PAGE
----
It takes almost exactly two hours to get to Cesky Krumlov ("Czech Crumb Love" - no not really) by car or about two days by foot. It's your choice, I'm not judging. How long it takes by balloon or camel is left as an exercise to the reader.
We stayed in this nice little B&B, which finally answers a long-standing mystery : why I keep seeing the word "penzion" everywhere. It turns out the Czech Republic is not overflowing with pension-collection centres, but guesthouses. I suppose that's more logical.
Although it was out of season and the weather was bad, this place was fully booked. Czechy Kelvin-Helmholtz is a popular place, so book in advance. Everyone else thought the guesthouse was "OK, not great", though personally I give it massive brownie points for having an exceptionally comfortable bed. I usually sleep extremely badly anywhere new, but not here.
Mind you, that might have had something to do with the excessive amount of walking. First we walked into the centre of town...
|That's us, walking.
Checky Krum Lust really is tiny, you could walk from one side to the other in half an hour. But if you go around all the streets and visit the many and various museums, you can easily spend all day on your feet. Which we did. But that's OK, considering how many weekends I spend watching Netflix.
|Could this be the world's only nightclub with a medieval water wheel ?
The castle itself is imposing but not spectacular from below. Like many Czech castles (not including Karl's Stein), it doesn't really look like a castle except in a few isolated areas. It's hard to get a sense of the layout of it even from its interior, though a model in the museum (one of only two parts we could visit) makes it clear that this was a huge fortified area - and definitely a proper, fighting castle, not the fortified palace it appears today.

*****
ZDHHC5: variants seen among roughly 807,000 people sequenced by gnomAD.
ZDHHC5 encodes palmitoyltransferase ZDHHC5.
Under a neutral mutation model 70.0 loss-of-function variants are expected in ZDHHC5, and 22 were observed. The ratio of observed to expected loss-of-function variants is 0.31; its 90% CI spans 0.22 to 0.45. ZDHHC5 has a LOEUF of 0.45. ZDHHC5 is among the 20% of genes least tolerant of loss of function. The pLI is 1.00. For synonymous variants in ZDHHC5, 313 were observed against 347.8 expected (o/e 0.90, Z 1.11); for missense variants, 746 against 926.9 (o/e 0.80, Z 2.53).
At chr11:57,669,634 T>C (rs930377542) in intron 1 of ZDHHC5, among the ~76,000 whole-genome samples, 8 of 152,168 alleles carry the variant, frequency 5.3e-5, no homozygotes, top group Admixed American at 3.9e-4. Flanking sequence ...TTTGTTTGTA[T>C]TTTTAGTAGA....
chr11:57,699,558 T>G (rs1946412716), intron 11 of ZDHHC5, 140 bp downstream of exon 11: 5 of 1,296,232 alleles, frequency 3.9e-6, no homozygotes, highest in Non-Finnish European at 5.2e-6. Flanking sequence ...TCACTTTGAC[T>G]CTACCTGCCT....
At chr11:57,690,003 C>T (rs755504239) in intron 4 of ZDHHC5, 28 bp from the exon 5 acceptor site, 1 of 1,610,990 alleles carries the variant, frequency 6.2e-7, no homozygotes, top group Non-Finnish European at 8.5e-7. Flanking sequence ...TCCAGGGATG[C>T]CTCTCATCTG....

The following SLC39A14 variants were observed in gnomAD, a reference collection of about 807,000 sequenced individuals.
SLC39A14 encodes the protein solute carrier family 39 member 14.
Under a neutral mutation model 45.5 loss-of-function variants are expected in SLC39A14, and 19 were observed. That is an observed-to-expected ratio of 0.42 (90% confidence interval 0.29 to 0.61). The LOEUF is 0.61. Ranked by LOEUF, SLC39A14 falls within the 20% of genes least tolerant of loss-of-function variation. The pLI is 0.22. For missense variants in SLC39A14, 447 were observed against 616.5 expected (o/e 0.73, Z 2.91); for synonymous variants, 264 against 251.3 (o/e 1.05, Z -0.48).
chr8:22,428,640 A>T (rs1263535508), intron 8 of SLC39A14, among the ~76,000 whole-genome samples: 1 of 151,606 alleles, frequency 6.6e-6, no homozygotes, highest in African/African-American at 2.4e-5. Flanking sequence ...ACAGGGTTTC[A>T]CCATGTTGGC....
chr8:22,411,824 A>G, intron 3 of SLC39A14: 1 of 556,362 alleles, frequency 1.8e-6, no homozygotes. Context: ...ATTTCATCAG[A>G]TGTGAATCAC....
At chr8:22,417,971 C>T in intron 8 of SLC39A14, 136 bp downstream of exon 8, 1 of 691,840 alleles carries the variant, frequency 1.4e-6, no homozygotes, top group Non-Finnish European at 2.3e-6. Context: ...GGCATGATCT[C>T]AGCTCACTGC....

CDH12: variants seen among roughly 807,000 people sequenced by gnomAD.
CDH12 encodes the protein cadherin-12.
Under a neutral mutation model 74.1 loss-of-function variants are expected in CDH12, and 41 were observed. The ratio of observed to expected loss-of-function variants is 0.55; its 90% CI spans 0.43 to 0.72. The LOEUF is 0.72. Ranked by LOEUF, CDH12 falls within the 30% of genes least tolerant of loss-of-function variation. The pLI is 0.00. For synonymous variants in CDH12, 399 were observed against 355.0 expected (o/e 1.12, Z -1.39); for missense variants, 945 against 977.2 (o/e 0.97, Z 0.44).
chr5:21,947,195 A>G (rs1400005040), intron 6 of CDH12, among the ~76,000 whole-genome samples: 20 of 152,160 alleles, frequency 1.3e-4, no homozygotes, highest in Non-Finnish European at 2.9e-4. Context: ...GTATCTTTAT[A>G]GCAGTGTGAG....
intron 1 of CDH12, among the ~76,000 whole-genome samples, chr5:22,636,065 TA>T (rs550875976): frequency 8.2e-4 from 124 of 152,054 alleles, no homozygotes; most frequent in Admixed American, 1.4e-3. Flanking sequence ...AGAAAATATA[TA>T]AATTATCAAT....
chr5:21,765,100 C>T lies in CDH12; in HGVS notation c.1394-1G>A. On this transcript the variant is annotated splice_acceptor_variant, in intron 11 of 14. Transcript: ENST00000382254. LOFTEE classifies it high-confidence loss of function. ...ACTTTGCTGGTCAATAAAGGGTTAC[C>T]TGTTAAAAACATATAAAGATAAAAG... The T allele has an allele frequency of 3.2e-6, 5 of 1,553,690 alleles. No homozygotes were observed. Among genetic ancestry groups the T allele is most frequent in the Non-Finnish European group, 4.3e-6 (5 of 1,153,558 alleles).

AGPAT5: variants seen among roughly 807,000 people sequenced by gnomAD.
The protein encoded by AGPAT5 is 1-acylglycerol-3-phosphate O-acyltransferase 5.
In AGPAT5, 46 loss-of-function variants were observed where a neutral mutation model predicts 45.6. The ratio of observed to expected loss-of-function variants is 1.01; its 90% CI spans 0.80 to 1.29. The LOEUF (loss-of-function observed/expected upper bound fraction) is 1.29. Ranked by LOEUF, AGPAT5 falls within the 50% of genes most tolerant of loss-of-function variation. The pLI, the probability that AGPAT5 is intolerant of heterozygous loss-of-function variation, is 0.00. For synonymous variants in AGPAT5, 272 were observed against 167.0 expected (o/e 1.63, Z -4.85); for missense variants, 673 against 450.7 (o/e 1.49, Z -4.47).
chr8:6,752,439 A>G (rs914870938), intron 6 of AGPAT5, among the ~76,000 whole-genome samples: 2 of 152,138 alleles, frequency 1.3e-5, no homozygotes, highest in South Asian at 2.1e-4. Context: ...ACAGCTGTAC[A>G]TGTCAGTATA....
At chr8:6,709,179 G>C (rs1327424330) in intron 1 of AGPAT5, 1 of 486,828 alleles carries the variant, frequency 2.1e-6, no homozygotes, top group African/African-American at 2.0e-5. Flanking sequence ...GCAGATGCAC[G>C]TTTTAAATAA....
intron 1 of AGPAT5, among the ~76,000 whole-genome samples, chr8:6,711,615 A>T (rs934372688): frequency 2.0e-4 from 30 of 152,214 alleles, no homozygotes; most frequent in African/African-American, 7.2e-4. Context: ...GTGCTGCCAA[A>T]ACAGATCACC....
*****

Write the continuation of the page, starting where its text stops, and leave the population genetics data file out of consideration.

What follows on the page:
The museum is good, and quite extensive, though the focus is on the latter stages of the castle as a palace. The other part we visited was the impressive baroque tower, which has a suitably commanding view over the whole town.
After that we went for lunch in a nice restaurant where the food was overpriced and there was a problem with every single order except mine. You win some, you lose some... I suppose that's the compensation I get for being the only single person in a group of nine.
Then we went to a bunch of museums. I forget the order, but there was the torture museum (very silly and the scariest thing was the noise the rotating gate makes), the mirror maze (not bad, actually), and the moldavites museum.
|I have tiny feet ! Tee hee hee !
Then there was even more walking and nice views of Chicky Camelot until we all decided it was time to collapse.
The next day we left Chucky Krumloops for a nearby castle which I can't remember the name of because, unusually in Czech, it's got too many vowels. This castle also had a genuine medieval history, but it suffered from reconstruction (not restoration) much later, so the modern thing is very nice but little more than a fantasy stately home.
This castle was open, but because of the low season the tours were only in Czech with English printouts. On the slightly positive side, we got free entry into an art gallery. I'm not a big fan of art galleries, but this one, it must be said, was exactly the same as all the others. Lots of paintings and sculptures which you walk around thinking, "yes, that's definitely a painting" or more analytically, "well I wouldn't want that on my wall." I really don't get it.